The lawsuits claim that Duly, then known as DuPage Medical Group, acted negligently by allowing Cannon to continue working and failing to supervise him sufficiently. Cannon practiced at the Naperville and Bloomingdale-based offices when he was working for the medical group. 

In an official statement released in early January, Duly said that Cannon left the medical group in 2019. The statement did not, however, specify why he left the medical group. Efforts to get the answer from a Duly spokesperson were also unsuccessful. 

In the statement, Duly said that it prioritizes patient care and safety. It also emphasized its commitment to treating all misconduct allegations with the seriousness they require. The medical group did not make additional comments about the lawsuits, citing the seriousness of the allegations made and regard for all the involved parties. 

An Overview of Lawsuits Filed Against the Chicago-Area OBGYN 

Medical Sexual Assault 

The first lawsuit that Cannon is facing involves sexual assault. It was submitted in 2020 under the name Jane Doe. The anonymous plaintiff in this lawsuit alleges that Cannon sexually assaulted her during a medical session in 2018.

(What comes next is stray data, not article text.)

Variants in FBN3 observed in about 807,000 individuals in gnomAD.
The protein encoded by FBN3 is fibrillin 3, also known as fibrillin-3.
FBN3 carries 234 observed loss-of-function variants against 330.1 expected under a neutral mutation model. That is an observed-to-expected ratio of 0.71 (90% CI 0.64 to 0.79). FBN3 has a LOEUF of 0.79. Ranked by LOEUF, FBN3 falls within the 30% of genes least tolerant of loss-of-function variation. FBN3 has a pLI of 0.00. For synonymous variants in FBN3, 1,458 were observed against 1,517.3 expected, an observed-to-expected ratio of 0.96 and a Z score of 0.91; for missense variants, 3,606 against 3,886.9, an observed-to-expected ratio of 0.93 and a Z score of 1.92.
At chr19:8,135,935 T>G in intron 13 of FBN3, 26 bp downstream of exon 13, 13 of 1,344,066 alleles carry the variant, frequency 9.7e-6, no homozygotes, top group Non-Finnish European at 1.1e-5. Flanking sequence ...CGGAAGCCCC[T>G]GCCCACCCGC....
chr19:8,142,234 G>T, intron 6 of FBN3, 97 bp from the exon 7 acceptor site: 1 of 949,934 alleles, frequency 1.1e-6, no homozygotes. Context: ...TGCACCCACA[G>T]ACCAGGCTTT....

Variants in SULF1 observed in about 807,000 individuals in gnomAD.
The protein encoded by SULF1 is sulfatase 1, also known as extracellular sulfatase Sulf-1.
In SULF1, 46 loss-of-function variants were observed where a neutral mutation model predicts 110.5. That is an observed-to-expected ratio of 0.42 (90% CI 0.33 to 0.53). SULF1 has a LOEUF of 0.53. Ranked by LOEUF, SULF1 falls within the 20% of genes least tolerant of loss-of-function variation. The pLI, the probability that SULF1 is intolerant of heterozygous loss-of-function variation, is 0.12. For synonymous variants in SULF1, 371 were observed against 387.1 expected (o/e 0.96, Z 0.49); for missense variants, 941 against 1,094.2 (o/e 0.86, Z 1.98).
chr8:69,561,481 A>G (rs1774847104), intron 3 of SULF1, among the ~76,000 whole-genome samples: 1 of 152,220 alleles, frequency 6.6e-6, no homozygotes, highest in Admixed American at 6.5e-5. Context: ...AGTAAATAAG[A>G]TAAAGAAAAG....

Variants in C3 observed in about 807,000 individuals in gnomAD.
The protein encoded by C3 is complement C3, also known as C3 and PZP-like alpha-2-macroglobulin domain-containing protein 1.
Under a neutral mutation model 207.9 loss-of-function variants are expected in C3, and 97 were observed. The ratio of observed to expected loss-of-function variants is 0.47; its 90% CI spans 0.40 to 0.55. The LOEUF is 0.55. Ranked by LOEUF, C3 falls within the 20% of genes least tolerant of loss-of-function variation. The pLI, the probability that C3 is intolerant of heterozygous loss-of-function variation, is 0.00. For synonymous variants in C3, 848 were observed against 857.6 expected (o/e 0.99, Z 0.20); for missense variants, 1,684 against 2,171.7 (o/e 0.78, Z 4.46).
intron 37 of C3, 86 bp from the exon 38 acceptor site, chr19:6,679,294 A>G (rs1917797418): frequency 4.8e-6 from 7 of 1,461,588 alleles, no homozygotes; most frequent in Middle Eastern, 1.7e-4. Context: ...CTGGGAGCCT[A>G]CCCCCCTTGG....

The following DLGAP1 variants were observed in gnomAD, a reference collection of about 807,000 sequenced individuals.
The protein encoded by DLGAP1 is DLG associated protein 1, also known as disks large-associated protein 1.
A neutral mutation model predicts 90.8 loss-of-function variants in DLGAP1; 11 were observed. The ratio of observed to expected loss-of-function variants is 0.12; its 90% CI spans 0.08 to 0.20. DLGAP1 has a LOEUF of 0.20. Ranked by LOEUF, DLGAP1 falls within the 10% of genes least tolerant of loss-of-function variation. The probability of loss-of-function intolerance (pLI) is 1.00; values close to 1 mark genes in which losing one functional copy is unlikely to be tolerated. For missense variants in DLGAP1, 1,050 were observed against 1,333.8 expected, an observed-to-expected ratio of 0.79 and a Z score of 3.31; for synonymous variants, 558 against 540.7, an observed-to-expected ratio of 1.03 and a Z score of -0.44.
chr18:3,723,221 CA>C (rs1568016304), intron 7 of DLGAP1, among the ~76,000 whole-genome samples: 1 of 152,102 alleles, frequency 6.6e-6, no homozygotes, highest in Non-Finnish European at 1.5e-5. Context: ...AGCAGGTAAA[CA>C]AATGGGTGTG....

Seeing Patients While Drunk and High 

The rest of the lawsuits were filed in 2022 and early 2023. Plaintiffs in three of these lawsuits allege that Cannon attended them while he seemed drunk and high. One incident happened in 2017, and the other two incidents in March 2019 and August 2019, respectively.  

In the 2017 incident, the plaintiff alleges that Cannon had slurred speech during a medical appointment. In the two 2019 incidents, plaintiffs allege that the OBGYN smelled of alcohol when they visited him for a regular prenatal checkup.